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water > newsfile > amazon indians rebel against dams

Amazon Indians rebel against dams

Posted: 28 Apr 2009

Brazil's Enawene Nawe Indians are demanding a halt to the construction of a series of dams along the Juruena River in the Amazon which they say could deprive them of the river resources which they depend on for their survival. Glenn Switkes reports.

Brazil's Enawene Nawe Indians have finally said 'enough is enough' to destructive development projects, and have demanded that dam construction on the Juruena River in the western Amazon come to a halt.

Enawene Nawe man, Amazon
Enawene Nawe man, Amazon. Indigenous people opposing dam constrction have been attacked by dam builders. � Fiona Watson/Survival
On October 11 last year, about 120 Indians burned the Telegrafica Dam work site in Sapezal, Mato Grosso. The project is part of the Brazilian government's Growth Acceleration Plan, and is being built by a consortium that purchased the project from the Maggi Energy company. This company is linked to soy king Blairo Maggi, now governor of Mato Grosso state. Eight of the 11 projects being planned for the Jurena have received a go-ahead from Mato Grosso environmental authorities.

80 dam sites

No prior consultation took place with indigenous peoples who depend on the fish and other resources of the Juruena basin for their survival. The indigenous people became incensed when they learned at a meeting with indigenous protection officials that more than 80 prospective dam sites on the Juruena are being evaluated, including sites close to the Enawene Nawe reserve.

The projects are relatively small, ranging in size from seven to 24 metres in height, but their impact on fisheries could be large due to the number of obstructions the dams will pose, and the poor record of fish passage devices in the tropics.

After failed attempts to negotiate a compensation package with the companies, the Enawene Nawe blocked roads, occupied the dams' work sites, and called for independent studies on the dams' impacts. Daliaywace Enawene Nawe, a tribal leader, said there will be no more negotiations, since money won't bring back fish and clean water once the dams are built.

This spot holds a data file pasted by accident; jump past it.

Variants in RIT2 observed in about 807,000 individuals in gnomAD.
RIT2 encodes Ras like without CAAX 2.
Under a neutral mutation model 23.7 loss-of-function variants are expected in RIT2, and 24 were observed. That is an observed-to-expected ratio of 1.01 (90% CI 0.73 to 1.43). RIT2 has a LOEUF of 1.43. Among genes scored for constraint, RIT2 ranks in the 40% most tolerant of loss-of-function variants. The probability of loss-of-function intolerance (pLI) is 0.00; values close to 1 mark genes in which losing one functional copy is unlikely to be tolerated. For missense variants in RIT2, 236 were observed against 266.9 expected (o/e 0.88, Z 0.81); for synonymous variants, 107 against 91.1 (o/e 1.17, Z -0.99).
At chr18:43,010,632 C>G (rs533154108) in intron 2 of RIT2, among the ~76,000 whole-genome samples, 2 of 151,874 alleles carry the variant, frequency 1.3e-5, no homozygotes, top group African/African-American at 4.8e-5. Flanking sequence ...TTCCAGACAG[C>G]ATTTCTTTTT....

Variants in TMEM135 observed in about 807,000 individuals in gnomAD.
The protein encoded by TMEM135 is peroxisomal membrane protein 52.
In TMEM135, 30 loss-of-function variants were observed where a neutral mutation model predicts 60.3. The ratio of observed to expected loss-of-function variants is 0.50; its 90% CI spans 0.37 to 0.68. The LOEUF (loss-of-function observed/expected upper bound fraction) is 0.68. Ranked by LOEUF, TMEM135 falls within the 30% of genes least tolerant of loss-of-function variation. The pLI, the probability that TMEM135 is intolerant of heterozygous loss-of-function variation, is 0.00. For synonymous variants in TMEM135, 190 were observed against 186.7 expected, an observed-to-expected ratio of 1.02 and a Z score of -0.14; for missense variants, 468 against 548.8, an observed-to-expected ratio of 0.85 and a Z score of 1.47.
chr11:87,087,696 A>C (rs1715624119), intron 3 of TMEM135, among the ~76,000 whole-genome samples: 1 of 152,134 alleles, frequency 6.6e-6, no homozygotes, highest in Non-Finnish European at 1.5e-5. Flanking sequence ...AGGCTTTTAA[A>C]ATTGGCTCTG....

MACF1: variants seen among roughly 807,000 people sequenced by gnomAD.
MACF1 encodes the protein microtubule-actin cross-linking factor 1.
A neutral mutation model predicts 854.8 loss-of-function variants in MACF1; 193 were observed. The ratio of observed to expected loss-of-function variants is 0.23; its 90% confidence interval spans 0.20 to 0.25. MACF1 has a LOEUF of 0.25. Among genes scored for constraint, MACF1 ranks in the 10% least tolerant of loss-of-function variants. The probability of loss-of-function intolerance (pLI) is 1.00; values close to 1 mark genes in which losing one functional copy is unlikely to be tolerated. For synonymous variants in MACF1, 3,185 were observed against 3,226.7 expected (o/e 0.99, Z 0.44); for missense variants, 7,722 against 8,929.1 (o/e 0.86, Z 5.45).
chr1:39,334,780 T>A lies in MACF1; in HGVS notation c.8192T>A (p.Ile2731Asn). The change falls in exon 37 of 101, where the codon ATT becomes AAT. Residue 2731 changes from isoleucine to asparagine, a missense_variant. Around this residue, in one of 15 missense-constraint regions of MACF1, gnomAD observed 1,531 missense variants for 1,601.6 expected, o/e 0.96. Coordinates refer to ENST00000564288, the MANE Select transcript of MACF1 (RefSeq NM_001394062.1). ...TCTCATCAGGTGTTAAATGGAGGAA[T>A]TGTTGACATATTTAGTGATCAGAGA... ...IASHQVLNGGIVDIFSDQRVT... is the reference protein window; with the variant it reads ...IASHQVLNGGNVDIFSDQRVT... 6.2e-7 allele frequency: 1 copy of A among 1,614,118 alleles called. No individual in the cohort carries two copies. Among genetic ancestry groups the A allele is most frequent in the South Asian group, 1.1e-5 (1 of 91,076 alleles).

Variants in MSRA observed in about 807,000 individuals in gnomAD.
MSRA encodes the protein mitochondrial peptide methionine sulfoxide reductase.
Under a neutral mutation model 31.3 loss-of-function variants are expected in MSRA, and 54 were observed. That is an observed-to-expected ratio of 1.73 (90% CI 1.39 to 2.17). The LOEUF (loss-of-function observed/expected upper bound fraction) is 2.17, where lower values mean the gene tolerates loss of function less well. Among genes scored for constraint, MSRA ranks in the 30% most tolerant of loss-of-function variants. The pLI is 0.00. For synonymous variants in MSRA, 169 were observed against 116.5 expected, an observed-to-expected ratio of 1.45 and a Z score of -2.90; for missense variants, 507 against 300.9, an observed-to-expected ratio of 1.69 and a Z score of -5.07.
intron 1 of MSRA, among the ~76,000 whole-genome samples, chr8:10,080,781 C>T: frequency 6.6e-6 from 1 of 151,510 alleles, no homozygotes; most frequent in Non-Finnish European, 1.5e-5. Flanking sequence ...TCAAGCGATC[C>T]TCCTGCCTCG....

"The river is a very strong spirit that eats a lot of fish and drinks a lot of water in our rituals. If all these dams are built on the Juruena, he will be angry and hungry and will bring sickness to our people."

The Enawene Nawe only eat meat on special occasions. Fish is their most important food, and fundamental to their rituals. At the close of the rainy season, the men set off for collective fishing in preparation for the four-month Yakwa ritual. They catch and smoke large quantities of fish to be eaten during the ritual, which is intended to please the spirits and to keep their world in balance.

According to Chief Kawari, "If the destruction of the rivers continues, everyone will die � we, you, all of you non-Indians. The difference is that we already know this, but you do not..."

Serious flaws

The indigenous peoples have been helped by public attorneys, who filed suit to demand studies on the cumulative impacts of all the dams projected for the Juruena. Following a lower court decision suspending the projects, Brazil's Supreme Court reversed the decision, permitting dam construction to proceed. Since then, additional technical opinions have documented serious flaws in the project studies.

There has been an explosion of investments in small dams in Brazil in recent years, and particularly in Mato Grosso. The boom is driven by government policies providing easy credit, exemptions on requirements for royalties and taxes, and other public subsidies. The licensing process has also been streamlined to permit fast-tracking of projects.

Today, 39 small hydroelectric dams are in operation in the state, another 36 are in licensing or construction, and at least 80 more are being planned. While small dams usually cause less serious impacts than larger dams, the impacts of building multiple dams on a river system have not been assessed.

In November, Brazilian government officials signed an agreement with indigenous representatives who traveled to Brasilia, stipulating that no dams will be built until further studies are carried out. But since then, conflicts have continued, and indigenous people report that dam workers and security guards have beaten indigenous families fishing along the river.

Glenn Switkes is Latin American Program Director of the California-based International Rivers Network. This article first appeared in
World Rivers Review, Volume 24, No. 1. It was distributed by Third World Network Features.

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